Issue 9 - 1 October 2012 enews home

Researchers target negative impacts of mining in West Timor

By Louise Errington

The West Timorese Manganese mining sector will benefit from CDU's work in the region over the next 12 months

A group of Charles Darwin University academics is working to help reduce the negative impacts of manganese mining in West Timor.

The group, led by Rohan Fisher and Dr Bronwyn Myers from CDU's Research Institute for the Environment and Livelihoods, started the process recently with a workshop in Kupang during which the negative social, health and environmental impacts associated with manganese mining were explored.

Supported by a grant from AusAID's Public Sector Linkages Program, Dr Myers said CDU would work with Indonesian partners to build capacity in West Timor to monitor manganese mining activities and work towards reducing the negative impacts over the next 12 months.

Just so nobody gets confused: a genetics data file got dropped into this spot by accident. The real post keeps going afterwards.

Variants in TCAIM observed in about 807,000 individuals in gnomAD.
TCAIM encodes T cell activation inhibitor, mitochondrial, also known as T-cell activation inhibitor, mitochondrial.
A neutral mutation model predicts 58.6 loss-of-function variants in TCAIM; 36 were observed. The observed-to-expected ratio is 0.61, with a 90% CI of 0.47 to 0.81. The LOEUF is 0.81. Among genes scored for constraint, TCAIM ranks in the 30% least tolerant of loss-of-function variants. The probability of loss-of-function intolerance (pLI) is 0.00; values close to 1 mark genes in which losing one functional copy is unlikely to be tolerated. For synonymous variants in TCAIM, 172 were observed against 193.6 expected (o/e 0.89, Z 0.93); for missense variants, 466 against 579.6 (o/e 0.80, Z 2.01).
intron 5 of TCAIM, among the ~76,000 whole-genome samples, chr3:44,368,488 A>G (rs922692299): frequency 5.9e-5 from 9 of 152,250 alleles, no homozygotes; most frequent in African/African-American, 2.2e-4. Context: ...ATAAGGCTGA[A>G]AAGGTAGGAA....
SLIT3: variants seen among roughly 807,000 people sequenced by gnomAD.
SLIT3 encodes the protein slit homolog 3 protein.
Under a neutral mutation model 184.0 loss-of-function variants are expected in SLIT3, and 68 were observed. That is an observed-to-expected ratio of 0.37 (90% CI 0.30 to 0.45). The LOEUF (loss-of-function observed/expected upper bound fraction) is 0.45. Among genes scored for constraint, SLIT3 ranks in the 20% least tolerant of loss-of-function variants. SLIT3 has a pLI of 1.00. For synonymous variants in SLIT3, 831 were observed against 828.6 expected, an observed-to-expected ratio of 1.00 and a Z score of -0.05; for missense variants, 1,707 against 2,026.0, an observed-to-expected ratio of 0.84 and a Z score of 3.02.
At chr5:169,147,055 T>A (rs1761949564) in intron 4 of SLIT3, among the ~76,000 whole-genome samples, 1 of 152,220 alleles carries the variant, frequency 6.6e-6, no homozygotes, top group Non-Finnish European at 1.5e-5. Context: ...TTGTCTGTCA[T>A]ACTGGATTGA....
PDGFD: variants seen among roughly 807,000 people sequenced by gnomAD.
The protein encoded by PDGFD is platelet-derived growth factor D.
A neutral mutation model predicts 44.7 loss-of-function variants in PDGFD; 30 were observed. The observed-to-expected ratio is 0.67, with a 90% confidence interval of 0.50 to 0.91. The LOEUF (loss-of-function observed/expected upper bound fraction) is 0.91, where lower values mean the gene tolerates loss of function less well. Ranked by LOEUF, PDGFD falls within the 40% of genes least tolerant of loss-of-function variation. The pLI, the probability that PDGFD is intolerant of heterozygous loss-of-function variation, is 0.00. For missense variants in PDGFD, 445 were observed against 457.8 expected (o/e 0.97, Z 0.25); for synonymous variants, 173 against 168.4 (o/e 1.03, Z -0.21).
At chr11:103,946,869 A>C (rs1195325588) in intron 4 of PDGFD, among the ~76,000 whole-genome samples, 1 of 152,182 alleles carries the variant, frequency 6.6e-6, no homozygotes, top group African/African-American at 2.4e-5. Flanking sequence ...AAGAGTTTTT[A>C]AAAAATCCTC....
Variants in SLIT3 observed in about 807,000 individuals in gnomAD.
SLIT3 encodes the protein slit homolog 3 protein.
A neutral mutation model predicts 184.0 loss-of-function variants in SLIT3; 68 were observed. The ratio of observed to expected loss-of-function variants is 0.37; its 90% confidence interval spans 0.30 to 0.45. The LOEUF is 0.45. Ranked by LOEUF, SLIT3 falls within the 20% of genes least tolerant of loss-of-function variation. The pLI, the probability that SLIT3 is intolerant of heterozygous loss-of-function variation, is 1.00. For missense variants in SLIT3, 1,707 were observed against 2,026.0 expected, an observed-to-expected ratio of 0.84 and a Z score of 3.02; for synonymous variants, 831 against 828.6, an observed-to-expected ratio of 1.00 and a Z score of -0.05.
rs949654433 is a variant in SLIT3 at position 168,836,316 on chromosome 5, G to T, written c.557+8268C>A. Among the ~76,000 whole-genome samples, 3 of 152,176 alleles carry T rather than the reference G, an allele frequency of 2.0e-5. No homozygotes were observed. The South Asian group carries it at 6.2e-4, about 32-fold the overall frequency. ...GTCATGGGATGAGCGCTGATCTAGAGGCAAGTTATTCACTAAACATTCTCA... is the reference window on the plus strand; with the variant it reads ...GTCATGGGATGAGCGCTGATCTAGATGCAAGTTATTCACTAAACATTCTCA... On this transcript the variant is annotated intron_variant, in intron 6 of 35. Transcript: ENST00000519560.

"Growth of manganese mining in West Timor has been rapid and largely unregulated, with most being small scale and low tech," Dr Myers said.

"We've received reports of serious negative impacts such as deaths due to mine collapse, long-term health problems in children, erosion, forest degradation and farmers abandoning food production for financial gains from mining," she said.

Workshop presentations included issues associated with manganese mining, international perspectives of the impacts of small scale mining, survey and modelling tools, electromagnetic geophysics techniques and rehabilitation of mine sites.

The workshop was hosted by the East Nusa Tenggara Provincial Environmental Agency.

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